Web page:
Thursday, December 26, 2013
Environment - "Gaps in State Law Allow Rural Indiana Couple to Suffer from Neighbors’ Outdoor Wood Boiler Use"
The ILB has a long list of entries, dating back to 2005, on the need to regulate outdoor wood-fired boilers in Indiana. The most recent ILB entry is from May 14, 2011, and is headed "New IDEM rule forbids summer use of some outdoor wood boilers (OWB)."
Earlier this month the Hoosier Environmental Council issued a news release about a lawsuit it has filed on behalf of a Rush County couple, saying that rule is not adequate. Some quotes:
The Hoosier Environmental Council has filed a lawsuit in Rush County Superior Court against Christopher and Shelley Nicholson, who have been operating an Outdoor Wood Boiler (OWB) within literally feet of their elderly neighbors’ property, resulting in excessive and noxious smoke that has negatively impacted the health of those neighbors.Here is the complaint, filed Oct. 29th in Rush County. A motion for a temporary restraining order was filed Nov. 15th in the same court.
Mable and Gary Bowling are elderly neighbors suffering considerably from the smoke that is emitted from the Nicholsons’ OWB, located just 10 feet from the Bowlings’ property line and 30 feet from the Bowlings’ home. Mable Bowling, according to her physician, has developed chronic bronchitis due to the Nicholsons’ OWB use. She’s been hospitalized due to the bronchitis, and receives ongoing medical treatment for asthma, a pre-existing condition her doctor states is greatly exacerbated from exposure to the harmful smoke that comes from her neighbors’ OWB. In addition to ongoing health impacts, Gary and Mable are unable to go outside, sleep comfortably, have company or enjoy family gatherings, and are fearful and despondent due to the constant invasion of noxious smoke and fumes from the Nicholsons’ OWB.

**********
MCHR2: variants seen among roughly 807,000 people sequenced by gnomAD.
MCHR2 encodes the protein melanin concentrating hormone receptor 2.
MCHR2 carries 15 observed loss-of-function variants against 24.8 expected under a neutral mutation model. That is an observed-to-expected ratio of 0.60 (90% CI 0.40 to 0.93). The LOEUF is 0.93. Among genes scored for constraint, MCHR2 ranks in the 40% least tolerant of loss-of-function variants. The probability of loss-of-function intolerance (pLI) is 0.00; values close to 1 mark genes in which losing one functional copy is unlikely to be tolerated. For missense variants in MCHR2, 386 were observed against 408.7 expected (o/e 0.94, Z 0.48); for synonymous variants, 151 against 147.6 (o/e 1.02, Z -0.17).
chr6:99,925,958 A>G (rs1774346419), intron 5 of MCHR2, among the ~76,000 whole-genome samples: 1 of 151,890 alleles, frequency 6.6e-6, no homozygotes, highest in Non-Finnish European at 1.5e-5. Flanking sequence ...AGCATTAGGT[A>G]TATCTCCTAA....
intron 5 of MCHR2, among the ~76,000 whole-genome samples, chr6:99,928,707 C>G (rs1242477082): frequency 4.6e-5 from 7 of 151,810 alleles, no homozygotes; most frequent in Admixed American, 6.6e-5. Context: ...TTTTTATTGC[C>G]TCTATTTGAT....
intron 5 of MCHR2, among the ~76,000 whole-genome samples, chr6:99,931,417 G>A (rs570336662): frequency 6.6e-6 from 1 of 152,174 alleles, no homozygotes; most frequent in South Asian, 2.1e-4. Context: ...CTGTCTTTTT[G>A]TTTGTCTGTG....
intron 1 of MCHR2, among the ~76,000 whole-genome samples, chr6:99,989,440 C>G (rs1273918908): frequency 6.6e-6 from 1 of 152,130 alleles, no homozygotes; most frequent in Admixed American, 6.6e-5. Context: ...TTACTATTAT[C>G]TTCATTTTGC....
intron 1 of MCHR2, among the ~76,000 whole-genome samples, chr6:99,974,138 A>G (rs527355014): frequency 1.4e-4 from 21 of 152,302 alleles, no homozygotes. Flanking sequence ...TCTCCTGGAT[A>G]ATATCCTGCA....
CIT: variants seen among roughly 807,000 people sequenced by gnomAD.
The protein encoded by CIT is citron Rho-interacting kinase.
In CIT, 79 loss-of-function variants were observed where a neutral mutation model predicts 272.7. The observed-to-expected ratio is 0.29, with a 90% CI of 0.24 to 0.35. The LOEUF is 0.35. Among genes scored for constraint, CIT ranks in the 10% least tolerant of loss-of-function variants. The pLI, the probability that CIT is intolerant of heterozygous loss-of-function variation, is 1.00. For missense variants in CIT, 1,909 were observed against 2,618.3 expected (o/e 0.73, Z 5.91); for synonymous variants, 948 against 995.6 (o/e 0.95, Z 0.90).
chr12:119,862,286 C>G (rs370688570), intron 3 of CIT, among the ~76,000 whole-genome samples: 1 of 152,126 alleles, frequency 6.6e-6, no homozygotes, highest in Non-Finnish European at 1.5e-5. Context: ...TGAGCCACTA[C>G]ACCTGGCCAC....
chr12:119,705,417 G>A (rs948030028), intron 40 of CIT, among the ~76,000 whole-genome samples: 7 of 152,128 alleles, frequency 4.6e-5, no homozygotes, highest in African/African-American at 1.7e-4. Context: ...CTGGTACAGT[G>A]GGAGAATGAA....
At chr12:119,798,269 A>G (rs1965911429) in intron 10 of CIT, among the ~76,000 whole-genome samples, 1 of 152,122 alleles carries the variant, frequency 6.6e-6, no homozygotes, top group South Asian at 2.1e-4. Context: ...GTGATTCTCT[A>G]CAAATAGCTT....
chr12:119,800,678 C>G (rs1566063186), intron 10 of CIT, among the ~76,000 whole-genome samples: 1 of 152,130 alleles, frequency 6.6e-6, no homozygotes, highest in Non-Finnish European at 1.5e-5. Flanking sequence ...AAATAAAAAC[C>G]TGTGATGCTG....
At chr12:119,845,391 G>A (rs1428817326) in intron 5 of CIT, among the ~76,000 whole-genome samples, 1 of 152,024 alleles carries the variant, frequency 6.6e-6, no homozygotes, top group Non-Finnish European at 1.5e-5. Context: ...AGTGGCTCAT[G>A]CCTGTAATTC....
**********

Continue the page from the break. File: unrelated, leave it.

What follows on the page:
The Bowlings have asked repeatedly for the Nicholsons to stop using their OWB, asked the Nicolsons to move the OWB to another, less impactful location on the Nicolsons’ four-acre property, and called upon numerous local and state government agencies and law enforcement to intervene -- agencies including the Rush County Prosecutor’s Office, the Rush County Plan Commission, the Indiana Department of Environmental Management, the State Department of Health, and the Indiana Attorney General’s office, to name a few. All have declined to take action pointing to Indiana’s existing OWB regulation. The OWB regulation, however, does not prohibit use of the oldest, most polluting OWBs, like the Nicholsons’ OWB, and the OWB regulation does not prohibit nuisances caused by OWBs. Without regulatory protection, the problem has not been resolved, leaving the Bowlings -- represented by the Hoosier Environmental Council -- with no choice but to pursue legal action. * * *
While other states, cities and towns across the country have moratoriums on OWBs, or have banned them altogether, the state of Indiana enacted inadequate safeguards from OWBs in 2011.
According to Ferraro, a preliminary injunction ordering the Nicholsons to stop using the OWB while the case is being litigated, has been also been filed with the Rush County Superior Court.
Posted by Marcia Oddi on December 26, 2013 09:18 AM
Posted to Environment